Sir Arthur Evans conducted systematic excavations at the site between 1900 and 1931 and Evans' restoration of Knossos is to a large extend what is seen today. This restoration has been much debated. Critics have called it 'an archaeological Disneyland' saying that Evans used too much imagination in determining the palace's former appearance and furthermore, that due to his heavy-handed reconstructions he has virtually rendered impossible any other scientific interpretations of the findings.

On the other hand, as a layman visitor to the site one must admire the intuition, scholarship and creative imagination of Evans. Whether his interpretations are entirely correct or not they certainly make Knossos an more interesting place to visit compared to the other Minoan sites in Crete, where it is much harder to imagine how they must have looked like.

The Mythical Knossos

Since antiquity Knossos has been suggested as the place of the myth of the Labyrinth of King Minos. An elaborate mazelike structure designed by the legendary artificer Daedalus to hold the Minotaur, a creature that - a monster that had the body of a man and the head and tail of a bull.

The word 'labyrinth' comes from the word labrys referring to a double, or two-bladed, axe. The word is probably not Greek. The labrys symbol had a religious significance throughout the Minoan world and axe motifs can be found scratched on many of the stones of the palace. According to Greek mythology, Minos was a king of Crete, son of Zeus and Europa. Sir Arthur Evans named the Minoan civilisation after him - (but they probably called themselves something else). Perhaps Minos is simply a Cretan word for 'King'.

In the myths, Minos had a son, Androgeus, who won every game in a contest to Aegeas of Athens. The other contestants became jealous of Androgeus and killed him. This then caused Minos to declare war on Athens. However, he offered the Athenians peace if they sent seven young men and seven virgin maidens to Crete every nine years. These were to be sacrificed to the Minotaur.

The Minotaur

This creature was the unlucky offspring of a love affair between King Minos' wife Pasiphae and a bull. The story goes, that before he ascended the throne of Crete, Minos struggled with his brothers for the right to rule. He had prayed to Poseidon to send him a bull, as a sign of approval by the gods for his reign. Poseidon obliged him and let a beautiful white bull rise from the sea.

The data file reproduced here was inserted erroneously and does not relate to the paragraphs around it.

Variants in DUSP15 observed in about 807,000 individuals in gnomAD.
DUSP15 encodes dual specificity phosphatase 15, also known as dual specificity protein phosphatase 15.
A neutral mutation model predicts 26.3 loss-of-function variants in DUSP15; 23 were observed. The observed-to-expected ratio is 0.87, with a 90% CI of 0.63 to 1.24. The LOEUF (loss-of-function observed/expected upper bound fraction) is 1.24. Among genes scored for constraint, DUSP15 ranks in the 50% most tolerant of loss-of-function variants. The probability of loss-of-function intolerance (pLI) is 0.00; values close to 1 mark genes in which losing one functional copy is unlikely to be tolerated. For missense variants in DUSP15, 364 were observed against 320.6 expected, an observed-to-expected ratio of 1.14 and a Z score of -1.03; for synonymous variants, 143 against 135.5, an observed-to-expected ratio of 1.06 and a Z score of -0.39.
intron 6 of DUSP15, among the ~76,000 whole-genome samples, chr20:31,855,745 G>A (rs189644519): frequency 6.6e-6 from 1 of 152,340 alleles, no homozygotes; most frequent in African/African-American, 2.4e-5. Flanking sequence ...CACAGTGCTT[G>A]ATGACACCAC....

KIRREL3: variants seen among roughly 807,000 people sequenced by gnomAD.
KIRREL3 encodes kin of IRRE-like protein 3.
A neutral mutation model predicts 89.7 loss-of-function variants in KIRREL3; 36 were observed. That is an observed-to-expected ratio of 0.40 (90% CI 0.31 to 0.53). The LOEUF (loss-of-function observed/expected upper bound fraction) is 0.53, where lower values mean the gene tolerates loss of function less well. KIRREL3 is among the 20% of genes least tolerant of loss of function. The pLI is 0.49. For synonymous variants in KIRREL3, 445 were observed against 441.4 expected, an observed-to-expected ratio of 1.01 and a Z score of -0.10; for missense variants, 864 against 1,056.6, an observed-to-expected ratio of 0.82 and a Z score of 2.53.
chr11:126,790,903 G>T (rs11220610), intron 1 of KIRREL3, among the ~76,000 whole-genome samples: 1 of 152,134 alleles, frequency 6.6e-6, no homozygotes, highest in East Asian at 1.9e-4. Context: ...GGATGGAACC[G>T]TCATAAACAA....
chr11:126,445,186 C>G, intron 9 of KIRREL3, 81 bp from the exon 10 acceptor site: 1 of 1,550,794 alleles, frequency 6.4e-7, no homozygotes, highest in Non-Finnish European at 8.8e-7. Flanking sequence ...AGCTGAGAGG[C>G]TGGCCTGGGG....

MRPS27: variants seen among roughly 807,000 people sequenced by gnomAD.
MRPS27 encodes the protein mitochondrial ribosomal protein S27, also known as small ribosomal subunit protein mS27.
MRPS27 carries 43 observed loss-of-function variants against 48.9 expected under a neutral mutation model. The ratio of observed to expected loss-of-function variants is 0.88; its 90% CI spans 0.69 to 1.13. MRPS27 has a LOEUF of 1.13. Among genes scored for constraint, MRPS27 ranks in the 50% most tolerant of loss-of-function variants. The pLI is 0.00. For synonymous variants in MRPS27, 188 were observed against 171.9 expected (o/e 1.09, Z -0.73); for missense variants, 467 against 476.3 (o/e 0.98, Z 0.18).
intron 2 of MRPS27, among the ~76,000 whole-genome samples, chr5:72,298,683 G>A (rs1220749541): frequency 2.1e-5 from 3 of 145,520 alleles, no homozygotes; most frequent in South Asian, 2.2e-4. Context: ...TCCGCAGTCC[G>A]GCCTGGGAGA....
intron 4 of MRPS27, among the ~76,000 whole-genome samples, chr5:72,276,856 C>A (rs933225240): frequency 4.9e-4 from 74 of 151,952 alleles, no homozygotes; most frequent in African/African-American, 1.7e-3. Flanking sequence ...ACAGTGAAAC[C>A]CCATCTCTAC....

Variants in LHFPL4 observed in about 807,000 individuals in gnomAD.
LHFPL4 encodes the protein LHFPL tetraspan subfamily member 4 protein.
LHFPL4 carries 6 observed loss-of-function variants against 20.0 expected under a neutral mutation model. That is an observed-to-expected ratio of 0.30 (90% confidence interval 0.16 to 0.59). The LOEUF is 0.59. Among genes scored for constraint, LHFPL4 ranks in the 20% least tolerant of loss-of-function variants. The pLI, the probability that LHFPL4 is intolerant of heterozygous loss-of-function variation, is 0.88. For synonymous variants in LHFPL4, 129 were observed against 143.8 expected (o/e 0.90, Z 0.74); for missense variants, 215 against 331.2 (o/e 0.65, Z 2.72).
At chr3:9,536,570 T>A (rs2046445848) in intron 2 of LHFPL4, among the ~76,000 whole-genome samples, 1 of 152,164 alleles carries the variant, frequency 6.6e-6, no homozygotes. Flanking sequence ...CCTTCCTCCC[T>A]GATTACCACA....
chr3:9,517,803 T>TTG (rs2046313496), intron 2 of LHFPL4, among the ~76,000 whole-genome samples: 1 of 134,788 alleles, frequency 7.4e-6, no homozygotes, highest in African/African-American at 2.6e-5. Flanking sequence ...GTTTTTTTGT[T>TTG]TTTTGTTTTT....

But Minos had also promised to sacrifice the bull as an offering. However, on seeing how beautiful the bull was, he decided to sacrifice the best specimen from his herd instead. When Poseidon learned about the deceit, he made Pasiphae, Minos' wife, fall madly in love with the bull. She had Daedalus make a wooden cow for her. She then climbed into the decoy to seduce the white bull. The offspring of their lovemaking was the Minotaur. Pasiphae nursed him in his infancy, but he grew and became ferocious. Minos then had Daedalus construct a gigantic labyrinth to hold the Minotaur but apparently they had to feed him now and then and that's where the young Athenians came in handy.

Theseus and the Death of the Minotaur

When the third sacrifice came round, Theseus volunteered to go as one of the 7 young men in order to kill the monster. He promised to his father, Aegeus, that he would put up a white sail on his journey back home if he was successful. Otherwise, the ship would have black sails of mourning.

Now, Minos had a daughter, Ariadne, who fell in love with Theseus as he and the others arrived on Crete. Therefore, she decided to help him. She gave him a ball of thread, allowing him to retrace his path out of the labyrinth. Theseus then went in, killed the Minotaur and led the other Athenians back out again. Theseus brought Ariadne with him from Crete, but abandoned her on their way to Athens. This is said to have happened on the island of Naxos. On his return, Theseus forgot to change the black sails for white sails. His poor father, overcome with grief, then leapt off the cliff top from which he had kept watch for his son's return every single day since Theseus had departed. From this event the 'Aegean Sea' got its name.

Procession Fresco from Knossos, Neopalacial period, 1600 - 1450 BC, Heraklion Archaeological Museum